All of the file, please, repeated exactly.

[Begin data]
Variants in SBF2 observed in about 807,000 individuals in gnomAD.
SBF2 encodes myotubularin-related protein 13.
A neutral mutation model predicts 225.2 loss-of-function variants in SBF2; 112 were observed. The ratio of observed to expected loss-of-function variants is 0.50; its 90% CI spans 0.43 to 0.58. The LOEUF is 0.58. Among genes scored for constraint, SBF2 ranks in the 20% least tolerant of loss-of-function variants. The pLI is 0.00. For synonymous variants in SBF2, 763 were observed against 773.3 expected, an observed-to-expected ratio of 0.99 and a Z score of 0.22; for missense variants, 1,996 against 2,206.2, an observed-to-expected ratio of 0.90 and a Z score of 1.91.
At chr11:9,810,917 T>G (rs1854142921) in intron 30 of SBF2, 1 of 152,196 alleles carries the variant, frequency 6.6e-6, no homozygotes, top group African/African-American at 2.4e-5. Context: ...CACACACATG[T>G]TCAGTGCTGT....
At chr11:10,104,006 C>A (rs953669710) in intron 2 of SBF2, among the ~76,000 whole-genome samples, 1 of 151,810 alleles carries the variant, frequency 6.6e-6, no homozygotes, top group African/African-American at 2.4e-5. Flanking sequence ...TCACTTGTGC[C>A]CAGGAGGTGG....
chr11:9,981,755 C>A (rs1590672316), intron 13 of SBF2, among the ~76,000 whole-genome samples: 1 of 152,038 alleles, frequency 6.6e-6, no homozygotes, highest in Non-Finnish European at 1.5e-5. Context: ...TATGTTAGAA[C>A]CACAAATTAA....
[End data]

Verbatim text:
Variants in SBF2 observed in about 807,000 individuals in gnomAD.
SBF2 encodes myotubularin-related protein 13.
A neutral mutation model predicts 225.2 loss-of-function variants in SBF2; 112 were observed. The ratio of observed to expected loss-of-function variants is 0.50; its 90% CI spans 0.43 to 0.58. The LOEUF is 0.58. Among genes scored for constraint, SBF2 ranks in the 20% least tolerant of loss-of-function variants. The pLI is 0.00. For synonymous variants in SBF2, 763 were observed against 773.3 expected, an observed-to-expected ratio of 0.99 and a Z score of 0.22; for missense variants, 1,996 against 2,206.2, an observed-to-expected ratio of 0.90 and a Z score of 1.91.
At chr11:9,810,917 T>G (rs1854142921) in intron 30 of SBF2, 1 of 152,196 alleles carries the variant, frequency 6.6e-6, no homozygotes, top group African/African-American at 2.4e-5. Context: ...CACACACATG[T>G]TCAGTGCTGT....
At chr11:10,104,006 C>A (rs953669710) in intron 2 of SBF2, among the ~76,000 whole-genome samples, 1 of 151,810 alleles carries the variant, frequency 6.6e-6, no homozygotes, top group African/African-American at 2.4e-5. Flanking sequence ...TCACTTGTGC[C>A]CAGGAGGTGG....
chr11:9,981,755 C>A (rs1590672316), intron 13 of SBF2, among the ~76,000 whole-genome samples: 1 of 152,038 alleles, frequency 6.6e-6, no homozygotes, highest in Non-Finnish European at 1.5e-5. Context: ...TATGTTAGAA[C>A]CACAAATTAA....